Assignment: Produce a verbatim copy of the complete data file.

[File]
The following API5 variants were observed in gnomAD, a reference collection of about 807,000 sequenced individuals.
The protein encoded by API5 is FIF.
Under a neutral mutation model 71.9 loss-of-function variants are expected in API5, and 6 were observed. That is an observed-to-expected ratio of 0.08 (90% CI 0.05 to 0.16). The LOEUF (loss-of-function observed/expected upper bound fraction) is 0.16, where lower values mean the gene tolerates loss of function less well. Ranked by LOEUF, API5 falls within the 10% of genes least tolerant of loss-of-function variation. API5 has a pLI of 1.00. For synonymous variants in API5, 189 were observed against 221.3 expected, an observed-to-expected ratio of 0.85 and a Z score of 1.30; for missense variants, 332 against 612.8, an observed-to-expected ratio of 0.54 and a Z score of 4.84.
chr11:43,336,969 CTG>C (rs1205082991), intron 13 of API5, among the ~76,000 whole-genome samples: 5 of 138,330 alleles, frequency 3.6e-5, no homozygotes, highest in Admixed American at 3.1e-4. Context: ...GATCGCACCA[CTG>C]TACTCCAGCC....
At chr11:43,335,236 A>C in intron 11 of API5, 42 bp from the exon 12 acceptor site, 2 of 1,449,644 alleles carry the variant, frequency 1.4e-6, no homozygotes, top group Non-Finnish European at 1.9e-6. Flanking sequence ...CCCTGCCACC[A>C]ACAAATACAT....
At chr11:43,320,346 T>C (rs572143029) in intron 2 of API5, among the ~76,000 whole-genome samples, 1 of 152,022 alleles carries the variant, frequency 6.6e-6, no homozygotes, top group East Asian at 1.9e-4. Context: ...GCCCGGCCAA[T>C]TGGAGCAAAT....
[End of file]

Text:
The following API5 variants were observed in gnomAD, a reference collection of about 807,000 sequenced individuals.
The protein encoded by API5 is FIF.
Under a neutral mutation model 71.9 loss-of-function variants are expected in API5, and 6 were observed. That is an observed-to-expected ratio of 0.08 (90% CI 0.05 to 0.16). The LOEUF (loss-of-function observed/expected upper bound fraction) is 0.16, where lower values mean the gene tolerates loss of function less well. Ranked by LOEUF, API5 falls within the 10% of genes least tolerant of loss-of-function variation. API5 has a pLI of 1.00. For synonymous variants in API5, 189 were observed against 221.3 expected, an observed-to-expected ratio of 0.85 and a Z score of 1.30; for missense variants, 332 against 612.8, an observed-to-expected ratio of 0.54 and a Z score of 4.84.
chr11:43,336,969 CTG>C (rs1205082991), intron 13 of API5, among the ~76,000 whole-genome samples: 5 of 138,330 alleles, frequency 3.6e-5, no homozygotes, highest in Admixed American at 3.1e-4. Context: ...GATCGCACCA[CTG>C]TACTCCAGCC....
At chr11:43,335,236 A>C in intron 11 of API5, 42 bp from the exon 12 acceptor site, 2 of 1,449,644 alleles carry the variant, frequency 1.4e-6, no homozygotes, top group Non-Finnish European at 1.9e-6. Flanking sequence ...CCCTGCCACC[A>C]ACAAATACAT....
At chr11:43,320,346 T>C (rs572143029) in intron 2 of API5, among the ~76,000 whole-genome samples, 1 of 152,022 alleles carries the variant, frequency 6.6e-6, no homozygotes, top group East Asian at 1.9e-4. Context: ...GCCCGGCCAA[T>C]TGGAGCAAAT....